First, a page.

Dissertation/Thesis Abstract

Assessing video game behaviors that meet DSM-V criteria for a non-substance related disorder
by Powers, Mitchell R., Psy.D., Adler School of Professional Psychology, 2015, 116; 3664305
Abstract (Summary)

A Rasch analysis was used to determine the reliability and validity of a scale designed to assess for video game addiction. The scale was comprised of items based on the DSM-V criteria for gambling disorder, which currently is the only non-substance related disorder recognized by the American Psychiatric Association. Participants included males and females, ages 18-57, recruited via online advertisements. The Rasch analysis demonstrated the scale did not meet standards for measurement due to its inability to separate individuals into at least two distinct groups of low or high severity of addiction to playing video games. The analysis did, however, reveal two dimensions to the scale: (a) the gaming and psychological dimensions which are supported by the biopsychosocial model of addictions as well as (b) Suissa's (2015) cyber cycle of addiction. Though the scale was not demonstrated to be reliable, the results provide evidence of the existence of video game addiction which could have future implications on the diagnosis and treatment of individuals. Future research should be done on the scale by adding additional items to increase the reliability as well as assess for positive effects of video game playing.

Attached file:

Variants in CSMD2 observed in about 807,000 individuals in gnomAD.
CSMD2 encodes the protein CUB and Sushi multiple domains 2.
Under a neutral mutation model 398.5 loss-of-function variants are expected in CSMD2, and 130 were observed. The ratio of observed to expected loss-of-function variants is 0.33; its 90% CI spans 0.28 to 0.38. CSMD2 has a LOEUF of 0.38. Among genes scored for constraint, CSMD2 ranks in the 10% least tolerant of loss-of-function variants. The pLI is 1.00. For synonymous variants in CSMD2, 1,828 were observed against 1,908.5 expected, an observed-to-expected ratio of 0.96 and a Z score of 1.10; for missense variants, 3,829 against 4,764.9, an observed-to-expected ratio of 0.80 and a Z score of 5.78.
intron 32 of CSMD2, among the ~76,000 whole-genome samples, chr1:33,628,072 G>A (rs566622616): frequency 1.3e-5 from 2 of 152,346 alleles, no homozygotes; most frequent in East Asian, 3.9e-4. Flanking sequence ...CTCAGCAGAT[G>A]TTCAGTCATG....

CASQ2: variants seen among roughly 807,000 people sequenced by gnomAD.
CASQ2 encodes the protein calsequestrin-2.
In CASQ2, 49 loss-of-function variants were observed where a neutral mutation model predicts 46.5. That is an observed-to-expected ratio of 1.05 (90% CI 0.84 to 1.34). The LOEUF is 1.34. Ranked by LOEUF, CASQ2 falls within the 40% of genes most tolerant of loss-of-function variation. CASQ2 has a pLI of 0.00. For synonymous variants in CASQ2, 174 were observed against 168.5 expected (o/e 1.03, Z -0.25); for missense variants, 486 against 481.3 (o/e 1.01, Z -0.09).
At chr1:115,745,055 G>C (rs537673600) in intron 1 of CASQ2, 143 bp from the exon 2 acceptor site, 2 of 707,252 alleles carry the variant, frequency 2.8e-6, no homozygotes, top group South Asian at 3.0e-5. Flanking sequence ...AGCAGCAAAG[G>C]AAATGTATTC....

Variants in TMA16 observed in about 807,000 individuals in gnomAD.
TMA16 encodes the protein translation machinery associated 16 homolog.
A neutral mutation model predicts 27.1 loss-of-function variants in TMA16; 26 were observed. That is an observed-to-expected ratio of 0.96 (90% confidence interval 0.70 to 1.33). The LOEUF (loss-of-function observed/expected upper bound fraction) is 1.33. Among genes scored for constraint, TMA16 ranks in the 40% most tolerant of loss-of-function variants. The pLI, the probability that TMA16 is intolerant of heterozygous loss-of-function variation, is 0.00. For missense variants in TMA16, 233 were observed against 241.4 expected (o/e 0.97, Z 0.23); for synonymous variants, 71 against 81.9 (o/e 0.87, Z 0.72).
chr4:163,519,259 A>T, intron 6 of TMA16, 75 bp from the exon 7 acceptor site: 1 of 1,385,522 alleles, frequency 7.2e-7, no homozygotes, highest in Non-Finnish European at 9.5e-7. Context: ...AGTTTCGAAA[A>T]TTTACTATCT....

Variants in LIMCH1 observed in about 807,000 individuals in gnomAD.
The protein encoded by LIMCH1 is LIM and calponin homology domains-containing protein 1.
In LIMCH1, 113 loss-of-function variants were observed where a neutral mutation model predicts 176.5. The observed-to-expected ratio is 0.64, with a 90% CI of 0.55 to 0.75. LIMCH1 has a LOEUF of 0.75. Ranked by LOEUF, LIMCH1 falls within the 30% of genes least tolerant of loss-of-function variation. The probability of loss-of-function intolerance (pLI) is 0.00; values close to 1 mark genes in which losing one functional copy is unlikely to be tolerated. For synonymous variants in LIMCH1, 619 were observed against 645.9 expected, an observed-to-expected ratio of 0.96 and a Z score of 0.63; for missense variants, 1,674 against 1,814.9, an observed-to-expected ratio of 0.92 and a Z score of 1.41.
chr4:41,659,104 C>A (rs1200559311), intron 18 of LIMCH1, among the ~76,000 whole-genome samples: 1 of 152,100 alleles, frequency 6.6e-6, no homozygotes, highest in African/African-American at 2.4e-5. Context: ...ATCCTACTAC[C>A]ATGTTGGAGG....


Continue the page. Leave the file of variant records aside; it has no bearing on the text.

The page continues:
Indexing (document details)
Advisor:
Commitee:
School: Adler School of Professional Psychology
School Location: United States -- Illinois
Source: DAI-B 77/02(E), Dissertation Abstracts International
Source Type: DISSERTATION
Subjects: Behavioral psychology, Psychology
Keywords: Addiction, Video Games
Publication Number: 3664305
ISBN: 978-1-339-19190-4
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